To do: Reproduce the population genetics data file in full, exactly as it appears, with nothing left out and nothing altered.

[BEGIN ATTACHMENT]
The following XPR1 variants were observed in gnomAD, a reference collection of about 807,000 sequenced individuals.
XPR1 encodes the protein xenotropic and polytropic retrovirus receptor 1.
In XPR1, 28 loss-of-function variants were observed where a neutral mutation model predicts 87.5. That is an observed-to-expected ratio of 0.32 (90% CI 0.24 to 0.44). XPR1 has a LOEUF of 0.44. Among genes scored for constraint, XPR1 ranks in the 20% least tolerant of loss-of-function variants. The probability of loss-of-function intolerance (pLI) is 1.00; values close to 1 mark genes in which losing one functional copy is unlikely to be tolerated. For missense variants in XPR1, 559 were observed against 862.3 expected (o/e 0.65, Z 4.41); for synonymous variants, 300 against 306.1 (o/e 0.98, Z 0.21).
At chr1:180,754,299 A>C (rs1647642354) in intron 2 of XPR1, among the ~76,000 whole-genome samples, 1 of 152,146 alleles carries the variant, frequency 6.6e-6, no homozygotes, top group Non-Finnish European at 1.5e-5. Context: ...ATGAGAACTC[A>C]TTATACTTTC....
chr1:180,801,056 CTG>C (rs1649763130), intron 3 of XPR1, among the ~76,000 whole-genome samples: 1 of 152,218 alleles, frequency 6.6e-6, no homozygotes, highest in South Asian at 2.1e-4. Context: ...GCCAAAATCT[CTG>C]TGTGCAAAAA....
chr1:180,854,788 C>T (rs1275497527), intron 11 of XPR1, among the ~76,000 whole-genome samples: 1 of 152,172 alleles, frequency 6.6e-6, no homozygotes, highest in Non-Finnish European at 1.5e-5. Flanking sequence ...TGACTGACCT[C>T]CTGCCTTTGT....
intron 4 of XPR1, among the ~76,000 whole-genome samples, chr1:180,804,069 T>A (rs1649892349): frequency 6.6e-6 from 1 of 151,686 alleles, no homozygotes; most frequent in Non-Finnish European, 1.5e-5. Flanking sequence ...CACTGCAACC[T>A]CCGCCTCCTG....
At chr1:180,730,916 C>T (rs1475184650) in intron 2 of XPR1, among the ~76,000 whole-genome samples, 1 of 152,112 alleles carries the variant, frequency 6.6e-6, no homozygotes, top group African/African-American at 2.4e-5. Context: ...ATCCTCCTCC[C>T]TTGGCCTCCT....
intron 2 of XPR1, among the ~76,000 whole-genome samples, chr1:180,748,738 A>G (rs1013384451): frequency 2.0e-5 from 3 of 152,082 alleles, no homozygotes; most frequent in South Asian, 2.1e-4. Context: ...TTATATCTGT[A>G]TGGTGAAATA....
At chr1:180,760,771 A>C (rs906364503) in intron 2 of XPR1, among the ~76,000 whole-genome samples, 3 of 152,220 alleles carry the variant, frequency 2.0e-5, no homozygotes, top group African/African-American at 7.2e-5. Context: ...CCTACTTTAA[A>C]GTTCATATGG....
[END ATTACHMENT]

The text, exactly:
The following XPR1 variants were observed in gnomAD, a reference collection of about 807,000 sequenced individuals.
XPR1 encodes the protein xenotropic and polytropic retrovirus receptor 1.
In XPR1, 28 loss-of-function variants were observed where a neutral mutation model predicts 87.5. That is an observed-to-expected ratio of 0.32 (90% CI 0.24 to 0.44). XPR1 has a LOEUF of 0.44. Among genes scored for constraint, XPR1 ranks in the 20% least tolerant of loss-of-function variants. The probability of loss-of-function intolerance (pLI) is 1.00; values close to 1 mark genes in which losing one functional copy is unlikely to be tolerated. For missense variants in XPR1, 559 were observed against 862.3 expected (o/e 0.65, Z 4.41); for synonymous variants, 300 against 306.1 (o/e 0.98, Z 0.21).
At chr1:180,754,299 A>C (rs1647642354) in intron 2 of XPR1, among the ~76,000 whole-genome samples, 1 of 152,146 alleles carries the variant, frequency 6.6e-6, no homozygotes, top group Non-Finnish European at 1.5e-5. Context: ...ATGAGAACTC[A>C]TTATACTTTC....
chr1:180,801,056 CTG>C (rs1649763130), intron 3 of XPR1, among the ~76,000 whole-genome samples: 1 of 152,218 alleles, frequency 6.6e-6, no homozygotes, highest in South Asian at 2.1e-4. Context: ...GCCAAAATCT[CTG>C]TGTGCAAAAA....
chr1:180,854,788 C>T (rs1275497527), intron 11 of XPR1, among the ~76,000 whole-genome samples: 1 of 152,172 alleles, frequency 6.6e-6, no homozygotes, highest in Non-Finnish European at 1.5e-5. Flanking sequence ...TGACTGACCT[C>T]CTGCCTTTGT....
intron 4 of XPR1, among the ~76,000 whole-genome samples, chr1:180,804,069 T>A (rs1649892349): frequency 6.6e-6 from 1 of 151,686 alleles, no homozygotes; most frequent in Non-Finnish European, 1.5e-5. Flanking sequence ...CACTGCAACC[T>A]CCGCCTCCTG....
At chr1:180,730,916 C>T (rs1475184650) in intron 2 of XPR1, among the ~76,000 whole-genome samples, 1 of 152,112 alleles carries the variant, frequency 6.6e-6, no homozygotes, top group African/African-American at 2.4e-5. Context: ...ATCCTCCTCC[C>T]TTGGCCTCCT....
intron 2 of XPR1, among the ~76,000 whole-genome samples, chr1:180,748,738 A>G (rs1013384451): frequency 2.0e-5 from 3 of 152,082 alleles, no homozygotes; most frequent in South Asian, 2.1e-4. Context: ...TTATATCTGT[A>G]TGGTGAAATA....
At chr1:180,760,771 A>C (rs906364503) in intron 2 of XPR1, among the ~76,000 whole-genome samples, 3 of 152,220 alleles carry the variant, frequency 2.0e-5, no homozygotes, top group African/African-American at 7.2e-5. Context: ...CCTACTTTAA[A>C]GTTCATATGG....